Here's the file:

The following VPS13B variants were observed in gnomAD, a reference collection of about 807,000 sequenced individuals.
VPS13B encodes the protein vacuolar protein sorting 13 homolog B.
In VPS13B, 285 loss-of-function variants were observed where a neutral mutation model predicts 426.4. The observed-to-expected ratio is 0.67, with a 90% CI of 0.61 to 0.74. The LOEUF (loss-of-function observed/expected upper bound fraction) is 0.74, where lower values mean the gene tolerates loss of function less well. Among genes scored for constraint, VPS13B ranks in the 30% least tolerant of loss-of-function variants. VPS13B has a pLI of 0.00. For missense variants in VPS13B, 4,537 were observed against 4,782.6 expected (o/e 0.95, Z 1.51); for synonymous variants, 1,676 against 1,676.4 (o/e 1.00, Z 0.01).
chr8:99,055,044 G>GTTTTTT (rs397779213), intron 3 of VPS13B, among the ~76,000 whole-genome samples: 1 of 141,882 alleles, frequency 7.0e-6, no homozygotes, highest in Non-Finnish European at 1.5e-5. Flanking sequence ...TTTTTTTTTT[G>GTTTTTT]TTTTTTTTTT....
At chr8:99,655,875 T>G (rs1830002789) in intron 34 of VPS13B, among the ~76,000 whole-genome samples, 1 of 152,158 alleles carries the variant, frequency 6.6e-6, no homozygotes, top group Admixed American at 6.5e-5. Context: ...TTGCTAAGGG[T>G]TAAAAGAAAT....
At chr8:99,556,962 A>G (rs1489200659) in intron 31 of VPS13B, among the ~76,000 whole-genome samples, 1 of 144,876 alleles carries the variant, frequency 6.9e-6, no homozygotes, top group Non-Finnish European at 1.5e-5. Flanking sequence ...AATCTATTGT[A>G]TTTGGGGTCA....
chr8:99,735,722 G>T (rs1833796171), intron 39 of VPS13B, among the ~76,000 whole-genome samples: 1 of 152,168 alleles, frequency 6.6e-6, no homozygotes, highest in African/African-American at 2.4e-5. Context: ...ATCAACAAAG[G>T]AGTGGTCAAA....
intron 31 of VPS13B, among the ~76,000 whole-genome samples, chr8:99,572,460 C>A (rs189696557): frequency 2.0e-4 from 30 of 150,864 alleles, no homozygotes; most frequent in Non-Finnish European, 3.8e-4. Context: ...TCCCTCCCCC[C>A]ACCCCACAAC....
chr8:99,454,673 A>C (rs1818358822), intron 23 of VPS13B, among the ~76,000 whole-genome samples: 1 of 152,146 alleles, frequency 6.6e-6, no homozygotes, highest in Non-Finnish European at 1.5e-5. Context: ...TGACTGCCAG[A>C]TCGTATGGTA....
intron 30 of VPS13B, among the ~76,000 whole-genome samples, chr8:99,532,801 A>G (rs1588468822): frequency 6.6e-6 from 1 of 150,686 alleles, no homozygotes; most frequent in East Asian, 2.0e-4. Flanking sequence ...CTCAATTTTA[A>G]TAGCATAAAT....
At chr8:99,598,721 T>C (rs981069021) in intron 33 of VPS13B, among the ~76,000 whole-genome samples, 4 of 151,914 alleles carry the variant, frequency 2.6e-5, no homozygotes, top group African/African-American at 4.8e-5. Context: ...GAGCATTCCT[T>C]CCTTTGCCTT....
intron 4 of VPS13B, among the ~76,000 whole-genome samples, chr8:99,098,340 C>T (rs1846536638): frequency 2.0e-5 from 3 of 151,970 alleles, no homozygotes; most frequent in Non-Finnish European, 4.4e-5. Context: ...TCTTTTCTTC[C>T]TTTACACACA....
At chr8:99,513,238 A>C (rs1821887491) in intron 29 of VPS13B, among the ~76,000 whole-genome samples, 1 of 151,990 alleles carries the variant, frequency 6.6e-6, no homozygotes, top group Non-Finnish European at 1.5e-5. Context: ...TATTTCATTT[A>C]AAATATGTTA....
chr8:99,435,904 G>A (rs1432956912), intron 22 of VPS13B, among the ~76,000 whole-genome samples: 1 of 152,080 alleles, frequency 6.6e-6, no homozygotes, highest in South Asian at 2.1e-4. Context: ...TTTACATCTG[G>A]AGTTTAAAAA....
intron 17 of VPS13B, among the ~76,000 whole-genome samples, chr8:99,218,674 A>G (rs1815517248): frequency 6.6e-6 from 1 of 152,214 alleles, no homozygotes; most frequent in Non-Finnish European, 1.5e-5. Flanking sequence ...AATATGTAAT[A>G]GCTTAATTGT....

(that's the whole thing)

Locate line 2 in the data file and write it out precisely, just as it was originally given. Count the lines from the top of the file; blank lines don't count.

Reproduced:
VPS13B encodes the protein vacuolar protein sorting 13 homolog B.